Posted on August-08-2020
This arc welding process involves the formation of an arc between a continuously fed electrode and a workpiece. This creates a blanket of powdered flux, which helps protect the weld zone. During welding, the arc is submerged beneath the flux blanket and it is not usually visible. This type of weld is a well-established method and extremely versatile.
Submerged arc welding, often referred to as ‘SAW’, is normally limited to flat or horizontal-fillet welding positions.
SAW has four common features: a welding head, flux hopper, flux and an electrode. The welding head feeds the flux and the filler metal to the welding joint; this is also where the electrode (e.g. the filler metal) gets energised.
The flux hopper is where the flux is stored and it controls the rate of flux deposition on the welding joint. The flux is the part in which the shields protect the molten weld from atmospheric contamination. This component also cleans the weld metal and can modify its chemical composition.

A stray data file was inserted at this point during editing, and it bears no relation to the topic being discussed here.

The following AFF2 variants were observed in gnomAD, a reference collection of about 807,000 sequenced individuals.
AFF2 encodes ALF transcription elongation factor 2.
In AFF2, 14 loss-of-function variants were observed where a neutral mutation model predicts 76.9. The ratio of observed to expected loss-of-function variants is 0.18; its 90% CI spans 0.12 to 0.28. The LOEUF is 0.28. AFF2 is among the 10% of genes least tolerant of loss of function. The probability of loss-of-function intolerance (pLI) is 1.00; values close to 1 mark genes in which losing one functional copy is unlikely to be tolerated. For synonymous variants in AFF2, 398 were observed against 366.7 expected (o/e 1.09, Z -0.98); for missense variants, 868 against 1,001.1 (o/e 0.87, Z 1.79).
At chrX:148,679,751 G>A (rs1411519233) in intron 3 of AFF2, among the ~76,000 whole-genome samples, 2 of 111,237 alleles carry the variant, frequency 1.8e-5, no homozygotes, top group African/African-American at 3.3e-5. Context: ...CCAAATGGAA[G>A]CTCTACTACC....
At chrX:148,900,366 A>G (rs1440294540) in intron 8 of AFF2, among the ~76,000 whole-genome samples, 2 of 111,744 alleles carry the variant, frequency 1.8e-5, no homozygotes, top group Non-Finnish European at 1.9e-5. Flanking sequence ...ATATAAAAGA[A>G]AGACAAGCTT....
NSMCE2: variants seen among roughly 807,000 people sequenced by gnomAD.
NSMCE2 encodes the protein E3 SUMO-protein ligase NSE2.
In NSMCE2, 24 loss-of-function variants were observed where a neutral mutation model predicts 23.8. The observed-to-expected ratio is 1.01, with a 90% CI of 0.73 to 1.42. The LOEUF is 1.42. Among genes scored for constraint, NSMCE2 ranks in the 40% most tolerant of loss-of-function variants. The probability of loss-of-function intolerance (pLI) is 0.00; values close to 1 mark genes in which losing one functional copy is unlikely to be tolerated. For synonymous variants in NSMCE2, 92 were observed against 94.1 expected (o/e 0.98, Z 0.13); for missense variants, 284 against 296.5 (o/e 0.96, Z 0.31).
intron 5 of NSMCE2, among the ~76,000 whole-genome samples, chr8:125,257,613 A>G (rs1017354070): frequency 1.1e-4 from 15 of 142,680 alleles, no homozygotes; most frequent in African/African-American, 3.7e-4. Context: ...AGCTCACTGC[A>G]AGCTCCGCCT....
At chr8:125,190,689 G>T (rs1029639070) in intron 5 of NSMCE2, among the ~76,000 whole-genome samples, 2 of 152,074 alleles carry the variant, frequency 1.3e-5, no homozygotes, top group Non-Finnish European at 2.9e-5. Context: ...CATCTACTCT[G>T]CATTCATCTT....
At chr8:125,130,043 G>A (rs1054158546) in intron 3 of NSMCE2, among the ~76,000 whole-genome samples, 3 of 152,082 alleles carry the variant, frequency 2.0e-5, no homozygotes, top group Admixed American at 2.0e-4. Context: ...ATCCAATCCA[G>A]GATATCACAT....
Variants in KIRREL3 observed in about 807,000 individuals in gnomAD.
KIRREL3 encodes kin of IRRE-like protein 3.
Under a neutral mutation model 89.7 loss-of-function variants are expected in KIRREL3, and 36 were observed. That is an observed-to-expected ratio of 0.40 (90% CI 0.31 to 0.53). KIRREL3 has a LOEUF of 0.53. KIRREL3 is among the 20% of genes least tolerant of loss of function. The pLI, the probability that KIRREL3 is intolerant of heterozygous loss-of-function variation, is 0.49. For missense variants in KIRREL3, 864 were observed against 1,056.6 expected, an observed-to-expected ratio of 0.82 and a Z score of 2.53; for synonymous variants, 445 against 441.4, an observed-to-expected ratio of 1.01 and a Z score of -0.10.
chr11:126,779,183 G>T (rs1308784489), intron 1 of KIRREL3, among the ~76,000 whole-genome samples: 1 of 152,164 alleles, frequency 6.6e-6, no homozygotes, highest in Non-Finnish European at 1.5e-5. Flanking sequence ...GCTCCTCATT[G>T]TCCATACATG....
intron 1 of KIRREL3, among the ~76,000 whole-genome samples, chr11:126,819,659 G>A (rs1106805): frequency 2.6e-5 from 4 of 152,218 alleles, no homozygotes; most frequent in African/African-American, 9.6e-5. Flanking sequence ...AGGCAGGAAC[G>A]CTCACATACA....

Lastly, the electrode, or SAW filler material, is a standard wire that can be twisted to give the arc an oscillating movement. This wire helps fuse the weld to the base metal, and its electrode composition is dependent on the material being welded. Generally, electrodes are copper coated; this is to prevent rusting and increase their electrical conductivity.
If you’re looking to buy or hire welding equipment, or for repairs and calibrations, get in touch with our team here at Arc Welding Services. You can give us a call us on 0121 327 2249, or fill out our online contact form and someone will be in touch.